10. Tissue distribution of human acetylcholinesterase and butyrylcholinesterase messenger RNA

    Energy Technology Data Exchange (ETDEWEB)

    Jbilo, O.; Barteles, C.F.; Chatonnet, A.; Toutant, J.P.; Lockridge, O.

    1994-12-31

    Tissue distribution of human acetyicholinesterase and butyryicholinesterase messenger RNA. 1 Cholinesterase inhibitors occur naturally in the calabar bean (eserine), green potatoes (solanine), insect-resistant crab apples, the coca plant (cocaine) and snake venom (fasciculin). There are also synthetic cholinesterase inhibitors, for example man-made insecticides. These inhibitors inactivate acetyicholinesterase and butyrylcholinesterase as well as other targets. From a study of the tissue distribution of acetylcholinesterase and butyrylcholinesterase mRNA by Northern blot analysis, we have found the highest levels of butyrylcholinesterase mRNA in the liver and lungs, tissues known as the principal detoxication sites of the human body. These results indicate that butyrylcholinesterase may be a first line of defense against poisons that are eaten or inhaled.

  11. Infrared absorption of human breast tissues in vitro

    Energy Technology Data Exchange (ETDEWEB)

    Liu Chenglin [Department of Physics, Surface Physics Laboratory (National Key laboratory), Synchrotron Radiation Research Center, Fudan University, Shanghai 200433 (China); Physics Department of Yancheng Teachers' College, Yancheng 224002 (China); Zhang Yuan [Department of Physics, Surface Physics Laboratory (National Key laboratory), Synchrotron Radiation Research Center, Fudan University, Shanghai 200433 (China); Yan Xiaohui [Department of Physics, Surface Physics Laboratory (National Key laboratory), Synchrotron Radiation Research Center, Fudan University, Shanghai 200433 (China); Zhang Xinyi [Department of Physics, Surface Physics Laboratory (National Key laboratory), Synchrotron Radiation Research Center, Fudan University, Shanghai 200433 (China) and Shanghai Research Center of Acupuncture and Meridian, Pudong, Shanghai 201203 (China)]. E-mail: xy-zhang@fudan.edu.cn; Li Chengxiang [National Synchrotron Radiation Laboratory, University of Science and Technology of China, Hefei 230029 (China); Yang Wentao [Cancer Hospital, Medical Center, Fudan University, Shanghai 200032 (China); Shi Daren [Cancer Hospital, Medical Center, Fudan University, Shanghai 200032 (China)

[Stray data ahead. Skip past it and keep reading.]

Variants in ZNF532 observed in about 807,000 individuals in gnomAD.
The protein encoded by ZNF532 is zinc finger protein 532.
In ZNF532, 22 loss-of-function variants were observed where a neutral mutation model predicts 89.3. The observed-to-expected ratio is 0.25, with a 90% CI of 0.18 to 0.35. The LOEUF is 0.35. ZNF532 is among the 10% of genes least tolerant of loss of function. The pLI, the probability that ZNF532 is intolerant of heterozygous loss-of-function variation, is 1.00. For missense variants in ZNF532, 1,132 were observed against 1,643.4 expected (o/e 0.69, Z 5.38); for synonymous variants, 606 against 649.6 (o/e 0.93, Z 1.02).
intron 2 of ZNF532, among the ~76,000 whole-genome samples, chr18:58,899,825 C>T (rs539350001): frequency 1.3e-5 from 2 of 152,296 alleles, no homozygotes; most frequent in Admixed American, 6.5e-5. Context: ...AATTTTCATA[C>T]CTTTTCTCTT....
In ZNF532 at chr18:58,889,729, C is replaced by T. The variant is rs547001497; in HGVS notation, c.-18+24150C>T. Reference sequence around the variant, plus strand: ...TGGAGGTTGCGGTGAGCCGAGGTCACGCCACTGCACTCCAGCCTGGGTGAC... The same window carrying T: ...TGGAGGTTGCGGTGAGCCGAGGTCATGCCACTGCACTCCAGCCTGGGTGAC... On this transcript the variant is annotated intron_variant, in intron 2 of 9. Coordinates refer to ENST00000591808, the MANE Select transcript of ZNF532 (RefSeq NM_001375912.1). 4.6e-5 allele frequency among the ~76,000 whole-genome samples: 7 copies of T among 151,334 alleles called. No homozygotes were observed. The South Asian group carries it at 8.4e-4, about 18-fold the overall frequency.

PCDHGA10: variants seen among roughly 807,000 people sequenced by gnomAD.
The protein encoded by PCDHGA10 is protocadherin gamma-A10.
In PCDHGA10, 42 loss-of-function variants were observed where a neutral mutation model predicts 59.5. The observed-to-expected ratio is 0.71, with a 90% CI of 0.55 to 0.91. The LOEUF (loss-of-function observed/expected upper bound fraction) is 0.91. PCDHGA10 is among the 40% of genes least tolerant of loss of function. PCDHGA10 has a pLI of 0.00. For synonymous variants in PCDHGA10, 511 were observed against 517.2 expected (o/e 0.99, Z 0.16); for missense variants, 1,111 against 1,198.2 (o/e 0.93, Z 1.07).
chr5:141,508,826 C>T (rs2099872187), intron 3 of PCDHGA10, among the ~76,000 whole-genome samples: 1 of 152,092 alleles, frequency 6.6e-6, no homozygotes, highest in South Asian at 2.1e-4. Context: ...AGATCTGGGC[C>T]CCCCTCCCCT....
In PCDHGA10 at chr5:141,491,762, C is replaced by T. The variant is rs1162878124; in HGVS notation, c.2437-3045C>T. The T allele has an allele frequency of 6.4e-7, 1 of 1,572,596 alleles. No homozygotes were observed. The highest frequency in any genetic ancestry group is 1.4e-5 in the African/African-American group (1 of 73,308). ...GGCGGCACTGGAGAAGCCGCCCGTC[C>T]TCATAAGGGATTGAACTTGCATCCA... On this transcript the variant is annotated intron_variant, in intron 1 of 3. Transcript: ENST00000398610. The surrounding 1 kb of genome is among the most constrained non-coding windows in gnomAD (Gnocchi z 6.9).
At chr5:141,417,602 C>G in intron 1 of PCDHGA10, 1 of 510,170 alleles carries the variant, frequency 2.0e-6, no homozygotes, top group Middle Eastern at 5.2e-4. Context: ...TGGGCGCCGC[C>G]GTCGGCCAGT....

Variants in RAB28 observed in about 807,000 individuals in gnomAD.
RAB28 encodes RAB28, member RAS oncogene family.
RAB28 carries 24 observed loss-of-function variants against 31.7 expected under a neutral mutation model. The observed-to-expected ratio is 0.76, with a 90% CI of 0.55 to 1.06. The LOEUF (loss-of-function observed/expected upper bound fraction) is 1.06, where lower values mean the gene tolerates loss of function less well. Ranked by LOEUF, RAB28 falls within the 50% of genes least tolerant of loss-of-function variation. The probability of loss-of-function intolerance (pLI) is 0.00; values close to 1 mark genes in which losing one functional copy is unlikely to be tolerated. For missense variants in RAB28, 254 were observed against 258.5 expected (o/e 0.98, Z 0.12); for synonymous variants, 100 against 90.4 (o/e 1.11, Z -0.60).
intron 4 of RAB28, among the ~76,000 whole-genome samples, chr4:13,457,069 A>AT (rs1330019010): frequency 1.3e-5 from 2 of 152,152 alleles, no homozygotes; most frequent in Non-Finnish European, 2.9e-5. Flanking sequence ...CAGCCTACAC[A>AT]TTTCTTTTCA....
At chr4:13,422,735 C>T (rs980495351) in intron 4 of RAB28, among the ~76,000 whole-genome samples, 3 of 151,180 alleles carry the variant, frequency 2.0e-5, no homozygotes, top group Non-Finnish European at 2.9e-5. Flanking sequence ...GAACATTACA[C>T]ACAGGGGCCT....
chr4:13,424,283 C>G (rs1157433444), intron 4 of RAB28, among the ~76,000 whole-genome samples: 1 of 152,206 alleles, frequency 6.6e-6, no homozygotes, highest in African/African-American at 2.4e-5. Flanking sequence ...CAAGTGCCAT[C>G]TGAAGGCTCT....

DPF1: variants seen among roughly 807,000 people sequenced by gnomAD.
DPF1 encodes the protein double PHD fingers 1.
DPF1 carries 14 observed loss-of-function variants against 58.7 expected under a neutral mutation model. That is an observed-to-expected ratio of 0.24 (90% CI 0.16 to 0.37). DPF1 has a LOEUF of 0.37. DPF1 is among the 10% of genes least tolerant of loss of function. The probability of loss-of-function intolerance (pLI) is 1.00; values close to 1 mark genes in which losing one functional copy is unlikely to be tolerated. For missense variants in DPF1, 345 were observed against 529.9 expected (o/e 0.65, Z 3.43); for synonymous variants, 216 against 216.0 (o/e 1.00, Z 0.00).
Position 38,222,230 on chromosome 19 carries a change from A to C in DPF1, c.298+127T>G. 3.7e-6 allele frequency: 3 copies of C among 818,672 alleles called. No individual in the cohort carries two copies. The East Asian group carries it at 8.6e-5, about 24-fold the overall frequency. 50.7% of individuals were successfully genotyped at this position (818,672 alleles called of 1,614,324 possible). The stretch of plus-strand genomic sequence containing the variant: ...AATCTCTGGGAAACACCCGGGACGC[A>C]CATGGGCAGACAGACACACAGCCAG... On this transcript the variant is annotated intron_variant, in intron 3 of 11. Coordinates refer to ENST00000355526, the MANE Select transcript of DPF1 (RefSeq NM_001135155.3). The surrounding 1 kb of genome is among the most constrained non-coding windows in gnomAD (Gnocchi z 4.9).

2006-07-15

    The spectral characteristics of human breast tissues in normal status and during different cancerous stages have been investigated by synchrotron radiation based Fourier transform infrared (SR-FTIR) absorption spectroscopy. Thanks to the excellent synchrotron radiation infrared (IR) source, higher resolving power is achieved in SR-FTIR absorption spectra than in conventional IR absorption measurements. Obvious variations in IR absorption spectrum of breast tissues were found as they change from healthy to diseased, or say in progression to cancer. On the other hand, some specific absorption peaks were found in breast cancer tissues by SR-FTIR spectroscopic methods. These spectral characteristics of breast tissue may help us in early diagnosis of breast cancer.